You are here: Home News & Events News from VBIC Projects in the Spotlight: Dr Mangor Pedersen

Tuesday12 December 2017

Projects in the Spotlight: Dr Mangor Pedersen

This month we feature research project work by Dr Mangor Pedersen of Austin Node. Dr Pedersen is focused on understanding the function of large-scale brain networks, or connectomics, in health and disease.

 

Mangor, briefly tell us about your research.
My current research is focused on understanding the function of large-scale brain networks, or connectomics, in health and disease. At the moment, I am very interested in generating and validating complex network models as markers of brain dysfunction in people with epilepsy, particularly focal epilepsy.
 
Who are your research colleagues?
My research colleagues mainly consist of our large research group located at the Florey Institute of Neuroscience and Mental Health, Austin Campus, Melbourne. However, we also have national and international collaborators with expertise in brain imaging and brain network modelling. Working in specialised and dynamic teams has enhanced our understanding of (normal and abnormal) brain function. This is also an important step towards the future of medical sciences including 'big data’ analysis with an emphasis on reproducibility.

What imaging equipment are you using?
I predominantly use functional MRI (fMRI) in my research. More specifically, I use task-free fMRI data. During a task-free fMRI scan, the person inside the scanner is instructed to lie still and and not perform a specific cognitive task. This is currently the most commonly used fMRI method to model brain network function in humans. Other imaging equipment we use is electroencephalogram (EEG). We are in fact combining information from EEG and fMRI in people with refractory epilepsy to elucidate changes in functional brain activity (fMRI) that occur at the same time as epileptic activity is seen on EEG recordings.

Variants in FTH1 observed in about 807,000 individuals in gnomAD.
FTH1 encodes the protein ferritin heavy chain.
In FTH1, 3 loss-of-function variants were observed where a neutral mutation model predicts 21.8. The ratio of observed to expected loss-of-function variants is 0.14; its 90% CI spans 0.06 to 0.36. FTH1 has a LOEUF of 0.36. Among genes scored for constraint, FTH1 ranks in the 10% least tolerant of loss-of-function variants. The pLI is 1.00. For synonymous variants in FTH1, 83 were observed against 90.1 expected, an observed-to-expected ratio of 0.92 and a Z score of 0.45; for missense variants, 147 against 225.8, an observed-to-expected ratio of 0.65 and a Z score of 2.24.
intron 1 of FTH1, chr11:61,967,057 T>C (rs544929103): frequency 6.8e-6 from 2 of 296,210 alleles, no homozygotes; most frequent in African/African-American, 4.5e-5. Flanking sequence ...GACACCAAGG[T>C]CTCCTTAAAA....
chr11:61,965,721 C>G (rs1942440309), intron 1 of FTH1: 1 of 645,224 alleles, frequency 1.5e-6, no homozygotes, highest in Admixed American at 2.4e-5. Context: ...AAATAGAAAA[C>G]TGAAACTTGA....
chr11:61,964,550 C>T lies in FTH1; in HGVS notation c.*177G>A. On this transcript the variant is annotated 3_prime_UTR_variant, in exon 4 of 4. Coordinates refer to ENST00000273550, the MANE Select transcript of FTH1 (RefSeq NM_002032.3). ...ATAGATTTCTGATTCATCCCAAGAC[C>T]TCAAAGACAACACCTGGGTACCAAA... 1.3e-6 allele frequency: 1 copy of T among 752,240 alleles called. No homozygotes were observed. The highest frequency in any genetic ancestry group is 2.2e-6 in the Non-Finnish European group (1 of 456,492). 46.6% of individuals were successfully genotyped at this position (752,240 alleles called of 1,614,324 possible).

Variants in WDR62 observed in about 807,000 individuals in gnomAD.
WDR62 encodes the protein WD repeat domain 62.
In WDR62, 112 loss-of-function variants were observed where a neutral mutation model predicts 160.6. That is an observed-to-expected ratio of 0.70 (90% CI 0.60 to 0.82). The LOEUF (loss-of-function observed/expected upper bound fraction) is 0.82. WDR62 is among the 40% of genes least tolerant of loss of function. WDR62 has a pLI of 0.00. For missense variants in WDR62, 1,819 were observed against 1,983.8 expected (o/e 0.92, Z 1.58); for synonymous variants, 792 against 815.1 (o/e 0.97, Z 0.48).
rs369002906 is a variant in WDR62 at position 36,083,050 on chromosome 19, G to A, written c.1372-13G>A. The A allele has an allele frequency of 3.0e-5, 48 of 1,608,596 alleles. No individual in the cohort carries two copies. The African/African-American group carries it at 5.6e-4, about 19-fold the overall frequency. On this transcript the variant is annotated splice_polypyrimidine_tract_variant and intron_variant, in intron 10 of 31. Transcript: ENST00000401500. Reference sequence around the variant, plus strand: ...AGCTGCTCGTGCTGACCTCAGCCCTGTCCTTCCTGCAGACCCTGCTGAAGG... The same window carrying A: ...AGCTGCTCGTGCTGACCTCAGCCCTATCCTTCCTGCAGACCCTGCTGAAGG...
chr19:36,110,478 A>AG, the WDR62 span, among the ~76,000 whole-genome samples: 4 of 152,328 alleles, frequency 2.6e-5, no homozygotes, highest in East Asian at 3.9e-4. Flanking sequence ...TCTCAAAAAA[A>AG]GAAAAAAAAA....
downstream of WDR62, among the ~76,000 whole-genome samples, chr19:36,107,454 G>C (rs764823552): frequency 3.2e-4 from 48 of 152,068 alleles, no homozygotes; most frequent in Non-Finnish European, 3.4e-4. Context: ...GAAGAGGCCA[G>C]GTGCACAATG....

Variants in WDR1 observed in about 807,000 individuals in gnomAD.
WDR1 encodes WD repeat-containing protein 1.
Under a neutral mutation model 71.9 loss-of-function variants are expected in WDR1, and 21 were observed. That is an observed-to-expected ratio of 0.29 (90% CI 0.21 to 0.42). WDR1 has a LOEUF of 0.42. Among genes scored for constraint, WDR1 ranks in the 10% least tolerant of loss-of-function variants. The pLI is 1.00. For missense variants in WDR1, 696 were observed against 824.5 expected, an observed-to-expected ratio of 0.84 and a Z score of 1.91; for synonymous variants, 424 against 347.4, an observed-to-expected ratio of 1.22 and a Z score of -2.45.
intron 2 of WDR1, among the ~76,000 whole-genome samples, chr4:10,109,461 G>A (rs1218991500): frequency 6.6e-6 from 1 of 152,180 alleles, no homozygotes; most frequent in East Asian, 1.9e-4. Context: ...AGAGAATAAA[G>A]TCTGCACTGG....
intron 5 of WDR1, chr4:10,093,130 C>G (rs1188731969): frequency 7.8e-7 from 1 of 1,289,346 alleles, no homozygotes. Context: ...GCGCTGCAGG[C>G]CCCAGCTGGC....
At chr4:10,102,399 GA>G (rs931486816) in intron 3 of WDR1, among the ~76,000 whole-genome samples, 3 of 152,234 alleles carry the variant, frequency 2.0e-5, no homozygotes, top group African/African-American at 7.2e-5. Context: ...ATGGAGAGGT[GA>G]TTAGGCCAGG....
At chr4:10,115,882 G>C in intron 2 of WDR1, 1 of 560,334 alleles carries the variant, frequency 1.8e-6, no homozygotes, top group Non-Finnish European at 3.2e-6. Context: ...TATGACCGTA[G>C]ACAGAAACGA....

How did you find accessing and using the equipment?
The MRI systems we have at the Florey Institute of Neuroscience and Mental Health are easy to access and use. Our team ensure that our data is optimised for research purposes. This includes several steps of data handling from acquiring the MRI data to pre-processing and analysing the brain imaging results.
 
Did you work across sites? If so, how did you find accessing the equipment across sites?
I am predominantly based at the Austin Campus, Heidelberg, Melbourne, so I hardly access my work across sites.
 
Thank you very much for your time, Mangor.